The First Aerial Circumnavigation

100 years since the first successful trip around the world.

The World Flight Crew from Left to Right: Lt. Jack Harding, Lt. Erik Nelson, Lt. Leigh Wade, Maj. Frederick Martin, First Lt. Leslie Arnold, Lt. Lowell Smith, and Lt. Laclair Schulze. Courtesy of the San Diego Air and Space Museum Archives.

In 1924, a few decades before the Space Race of the Cold War, a lesser-known global aeronautical competition took place. After countless innovations in the field of aviation in the years following the Wright Brothers’ first flight, nations around the world had wholeheartedly embraced flying and were eager to become the first country to complete an aerial circumnavigation of the planet. The United States Air Service, the predecessor to our modern-day Air Force, took this race seriously. Army leaders, including Air Service Major General Mason Patrick, wanted to prove that American pilots and aircraft were up to the challenge. In just forty-five days, the Douglas World Cruiser, a DT-2 bomber modified specifically for the global trip, was created. Beating all odds, after 175 days, 74 stops, and 26,345 harrowing miles, Lieutenants Lowell Smith, Leslie Arnold, Erik Nelson, John Harding Jr., Leigh Wade, Laclair Schulze, and Major Frederick Martin successfully circumnavigated the globe. This year marks the 100th anniversary of that very first aerial circumnavigation. It should come as no surprise that the birthplace of aviation, Dayton, Ohio, played an important role in the preparations for this momentous achievement and the lively celebrations thereafter.

To ensure the Douglas World Cruiser was up to the task of making the historic journey around the world, extensive testing and inspections needed to be done by highly skilled aeronautical engineers and mechanics. There was no better place for this testing to be done than in Dayton, specifically at McCook Field. From 1917 to 1927, McCook Field served as an aviation research and development hub and airfield for the U.S. military. McCook’s personnel were well-known for their commitment to researching, designing, building, and testing new aircraft and developing improvements for existing aircraft. In fact, two of the World Flight pilots, Erik Nelson and John Harding Jr, worked at McCook Field as a test pilot and an aircraft engineer, respectively, for many years prior to the world flight. In the book written by the World Cruiser pilots, The First World Flight, the pre-mission stop in Dayton is described: “[the prototype Douglas World Cruiser] was flown across the continent to Dayton, Ohio where further tests were conducted to determine if it had the necessary qualifications for the World Flight. Several changes were made that later were incorporated in the final four airplanes.”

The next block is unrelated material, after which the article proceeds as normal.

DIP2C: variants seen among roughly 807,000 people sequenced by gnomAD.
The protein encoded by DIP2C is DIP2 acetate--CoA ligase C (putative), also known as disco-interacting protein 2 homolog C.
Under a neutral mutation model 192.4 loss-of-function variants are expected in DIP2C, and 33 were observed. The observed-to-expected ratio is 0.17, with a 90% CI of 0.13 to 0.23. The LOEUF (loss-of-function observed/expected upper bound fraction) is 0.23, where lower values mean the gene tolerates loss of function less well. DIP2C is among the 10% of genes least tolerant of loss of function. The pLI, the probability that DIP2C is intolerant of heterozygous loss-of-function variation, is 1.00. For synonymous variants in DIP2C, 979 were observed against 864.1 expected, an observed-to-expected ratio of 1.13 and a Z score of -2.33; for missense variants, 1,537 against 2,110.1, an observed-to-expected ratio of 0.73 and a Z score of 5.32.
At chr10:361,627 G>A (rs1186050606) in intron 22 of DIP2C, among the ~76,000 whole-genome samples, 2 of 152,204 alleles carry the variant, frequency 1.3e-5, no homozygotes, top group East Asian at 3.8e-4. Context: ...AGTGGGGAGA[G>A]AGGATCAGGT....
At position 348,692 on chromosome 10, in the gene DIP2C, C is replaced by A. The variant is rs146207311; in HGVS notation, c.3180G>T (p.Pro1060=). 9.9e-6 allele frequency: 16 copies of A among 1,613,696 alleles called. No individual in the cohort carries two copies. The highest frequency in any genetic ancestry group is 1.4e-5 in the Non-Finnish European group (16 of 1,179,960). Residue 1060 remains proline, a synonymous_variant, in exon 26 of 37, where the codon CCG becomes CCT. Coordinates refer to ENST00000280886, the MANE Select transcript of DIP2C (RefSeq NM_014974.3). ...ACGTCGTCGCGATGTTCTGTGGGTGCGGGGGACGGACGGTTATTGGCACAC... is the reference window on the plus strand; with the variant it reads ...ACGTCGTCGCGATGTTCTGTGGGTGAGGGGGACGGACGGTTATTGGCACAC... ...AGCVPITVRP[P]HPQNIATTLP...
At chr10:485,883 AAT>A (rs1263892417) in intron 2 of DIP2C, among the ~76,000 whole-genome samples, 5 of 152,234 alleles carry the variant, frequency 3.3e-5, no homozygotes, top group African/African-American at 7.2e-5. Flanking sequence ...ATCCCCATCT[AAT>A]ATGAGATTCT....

Lieutenants Harding and Erik Nelson in front of the Douglas World Cruiser, the New Orleans, at McCook Field. Courtesy of the National Archives and Records Administration.

Innovative McCook engineers, such as Lieutenant Ernest Dichman, who “was tireless in his work on the performance charts,” were key to the success of the aircraft used in the mission. It was at McCook Field that final approval was given to use the Douglas World Cruiser for the journey. General Patrick had travelled to Dayton to inspect and fly the aircraft, after which he “remarked that he only wished he was young enough to go on this great undertaking.” Dayton’s importance to the successful world flight cannot be understated- it was Dayton’s talented engineers and mechanics that ensured the planes were safe and effective enough to travel the-then unheard of 26,345 miles around the world, helping the pilots accomplish one of the most remarkable aviation feats of the early 1900s.